By Stefan J. Bos, Chief International Correspondent Worthy News
KYIV/BUDAPEST (Worthy News) – The emotional Ukrainian President Volodymyr Zelensky says the Kremlin has approved the movement of nearly 200,000 forces into his nation for Europe’s most significant military conflict since World War Two.
Zelensky spoke directly to the Russian people in a video address late Wednesday, saying he tried to call Russian President Vladimir Putin earlier in the day but was met with silence.
Speaking in Russian, the Ukrainian leader said close to tears that his nation was moments away from what could “become the start of a big war on the European continent.”
Zelensky noted that Russia and Ukraine share more than 2,000 kilometers (3,200 miles) of the border now lined with nearly 200,000 Russian troops and thousands of armored vehicles.
Among the military options available to Putin is an offensive into areas still under Ukrainian control claimed by the separatists or a much broader, nationwide attack on Ukraine.
That would trigger the largest war in Europe since Nazi Germany invaded much of Europe during the Second World War.
WORLD WAR THREE?
And there were fears in Eastern Europe that the conflict could turn into World War III with an increasingly isolated Russian president seeking to revive the Russia-led Soviet Union, which collapsed in the early 1990s.
Thousands of American soldiers have already arrived in Hungary, Poland, Bulgaria, Romania, and the Baltics, as well as in Ukraine itself, a U.S. security diplomat told Worthy News.
Signs of an imminent broader invasion became clear early Thursday local time with the Kremlin saying that Putin received an appeal for “help in repelling the aggression of the armed forces and formations of Ukraine.”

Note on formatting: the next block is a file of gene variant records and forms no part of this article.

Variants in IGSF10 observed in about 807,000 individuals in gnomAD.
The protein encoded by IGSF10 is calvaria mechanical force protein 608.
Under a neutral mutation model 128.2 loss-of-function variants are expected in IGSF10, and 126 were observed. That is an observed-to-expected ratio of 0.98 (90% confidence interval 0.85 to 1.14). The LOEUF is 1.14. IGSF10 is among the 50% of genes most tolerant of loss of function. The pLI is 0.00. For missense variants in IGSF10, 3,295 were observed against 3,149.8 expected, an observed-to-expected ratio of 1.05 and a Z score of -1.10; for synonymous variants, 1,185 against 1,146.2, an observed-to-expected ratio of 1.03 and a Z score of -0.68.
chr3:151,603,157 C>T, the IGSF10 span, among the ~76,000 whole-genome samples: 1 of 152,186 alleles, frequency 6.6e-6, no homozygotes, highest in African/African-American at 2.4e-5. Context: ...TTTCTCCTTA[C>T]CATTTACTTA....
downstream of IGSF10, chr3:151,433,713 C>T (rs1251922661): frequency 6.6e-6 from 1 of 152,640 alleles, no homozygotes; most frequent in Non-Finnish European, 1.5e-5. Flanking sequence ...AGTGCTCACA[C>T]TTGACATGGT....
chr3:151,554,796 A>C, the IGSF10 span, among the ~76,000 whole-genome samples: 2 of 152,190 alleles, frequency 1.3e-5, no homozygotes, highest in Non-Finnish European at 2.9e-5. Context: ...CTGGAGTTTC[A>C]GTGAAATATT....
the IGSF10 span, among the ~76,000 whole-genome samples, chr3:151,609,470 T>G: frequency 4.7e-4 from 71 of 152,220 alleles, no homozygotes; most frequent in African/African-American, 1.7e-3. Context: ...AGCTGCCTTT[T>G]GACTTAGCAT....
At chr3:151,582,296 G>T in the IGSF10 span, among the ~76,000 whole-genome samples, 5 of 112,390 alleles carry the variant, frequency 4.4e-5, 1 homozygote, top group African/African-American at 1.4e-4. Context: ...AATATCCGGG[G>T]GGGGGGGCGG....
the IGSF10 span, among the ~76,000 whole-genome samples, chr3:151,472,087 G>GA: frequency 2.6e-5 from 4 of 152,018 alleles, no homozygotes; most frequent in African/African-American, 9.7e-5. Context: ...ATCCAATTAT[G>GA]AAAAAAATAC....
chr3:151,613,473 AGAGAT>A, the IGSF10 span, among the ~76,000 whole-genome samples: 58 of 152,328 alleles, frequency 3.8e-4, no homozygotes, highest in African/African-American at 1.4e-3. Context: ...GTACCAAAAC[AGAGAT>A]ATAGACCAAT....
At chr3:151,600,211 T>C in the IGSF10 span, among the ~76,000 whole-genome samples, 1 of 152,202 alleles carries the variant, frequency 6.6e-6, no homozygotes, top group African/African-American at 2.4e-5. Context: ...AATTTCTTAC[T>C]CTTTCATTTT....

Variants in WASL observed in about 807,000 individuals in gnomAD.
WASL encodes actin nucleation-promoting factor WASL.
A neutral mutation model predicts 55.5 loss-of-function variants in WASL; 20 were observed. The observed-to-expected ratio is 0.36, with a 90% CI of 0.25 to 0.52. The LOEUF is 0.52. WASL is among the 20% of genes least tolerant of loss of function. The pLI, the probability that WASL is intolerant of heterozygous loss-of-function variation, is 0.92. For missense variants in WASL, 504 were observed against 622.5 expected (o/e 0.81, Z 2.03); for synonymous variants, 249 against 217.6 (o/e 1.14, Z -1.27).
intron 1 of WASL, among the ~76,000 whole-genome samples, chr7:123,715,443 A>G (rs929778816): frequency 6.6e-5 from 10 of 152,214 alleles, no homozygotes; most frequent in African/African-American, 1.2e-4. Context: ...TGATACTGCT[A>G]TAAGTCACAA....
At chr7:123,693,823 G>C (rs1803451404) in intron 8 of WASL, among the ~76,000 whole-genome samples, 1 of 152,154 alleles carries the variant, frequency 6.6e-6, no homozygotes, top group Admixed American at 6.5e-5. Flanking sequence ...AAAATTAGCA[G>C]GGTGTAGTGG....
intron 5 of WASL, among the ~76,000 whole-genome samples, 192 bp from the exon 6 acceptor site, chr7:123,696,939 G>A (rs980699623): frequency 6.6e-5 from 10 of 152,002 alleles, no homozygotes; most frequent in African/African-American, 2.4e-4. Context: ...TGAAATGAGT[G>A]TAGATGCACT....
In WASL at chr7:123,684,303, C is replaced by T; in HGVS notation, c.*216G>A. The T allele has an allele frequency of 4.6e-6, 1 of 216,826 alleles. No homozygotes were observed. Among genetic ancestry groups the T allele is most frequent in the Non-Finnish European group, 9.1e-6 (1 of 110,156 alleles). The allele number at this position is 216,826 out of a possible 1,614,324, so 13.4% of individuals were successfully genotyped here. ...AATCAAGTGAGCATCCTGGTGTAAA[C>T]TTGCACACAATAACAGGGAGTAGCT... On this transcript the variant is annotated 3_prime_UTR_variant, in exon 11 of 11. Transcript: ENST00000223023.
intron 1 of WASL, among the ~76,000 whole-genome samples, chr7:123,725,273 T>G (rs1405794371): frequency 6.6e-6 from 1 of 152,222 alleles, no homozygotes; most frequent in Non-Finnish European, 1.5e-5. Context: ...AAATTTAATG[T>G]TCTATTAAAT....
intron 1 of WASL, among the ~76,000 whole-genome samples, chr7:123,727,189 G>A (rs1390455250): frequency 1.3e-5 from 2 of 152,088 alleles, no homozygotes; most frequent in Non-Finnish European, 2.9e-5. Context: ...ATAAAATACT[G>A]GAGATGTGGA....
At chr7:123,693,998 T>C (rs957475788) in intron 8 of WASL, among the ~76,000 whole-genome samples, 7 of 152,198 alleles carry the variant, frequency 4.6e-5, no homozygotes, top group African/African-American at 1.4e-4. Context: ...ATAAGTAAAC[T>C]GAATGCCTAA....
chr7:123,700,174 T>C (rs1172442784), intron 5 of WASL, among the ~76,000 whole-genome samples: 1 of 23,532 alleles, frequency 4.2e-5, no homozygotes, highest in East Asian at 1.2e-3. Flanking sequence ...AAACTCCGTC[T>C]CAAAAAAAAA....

Russian media have claimed that Ukraine is about to launch an offensive against the Russia-backed separatist territories in eastern Ukraine despite strong denials by Kyiv.
The U.S. senior security source talking you Worthy News and other Western officials say Russia could use a claim of Ukrainian aggression as a pretext for an invasion.
Moscow has made clear it has a moral obligation to defend the Russian-speaking community in eastern Ukraine’s Donbas region.
The Russian government and state-controlled media echoed that argument claiming, without evidence, that Ukraine is carrying out a “genocide” against Russian speakers.
Late Wednesday night, Moscow said that separatist leaders in eastern Ukraine had requested Russian President Putin’s “help in repelling the aggression of the armed forces and formations of Ukraine.”
Witnesses already said they saw Russian armed columns in the region as part of an apparent invasion. In its most dire assessment yet, the U.S. military said 80 percent of at least 190,000 Russian troops and separatist forces in or near Ukraine are now in combat-ready positions.
“They are ready to go,” John F. Kirby, the top Pentagon spokesman, told reporters. “They could attack at any time,” he added, “with a significant military force.”
In response, the United States and the European Union announced sanctions ranging from freezing assets of officials near Putin to halting a critical Russian natural gas pipeline to the rest of Europe.
Yet, those measures did little to return peace to the increasingly volatile frontlines of the worst East-West standoff since the Cold War.
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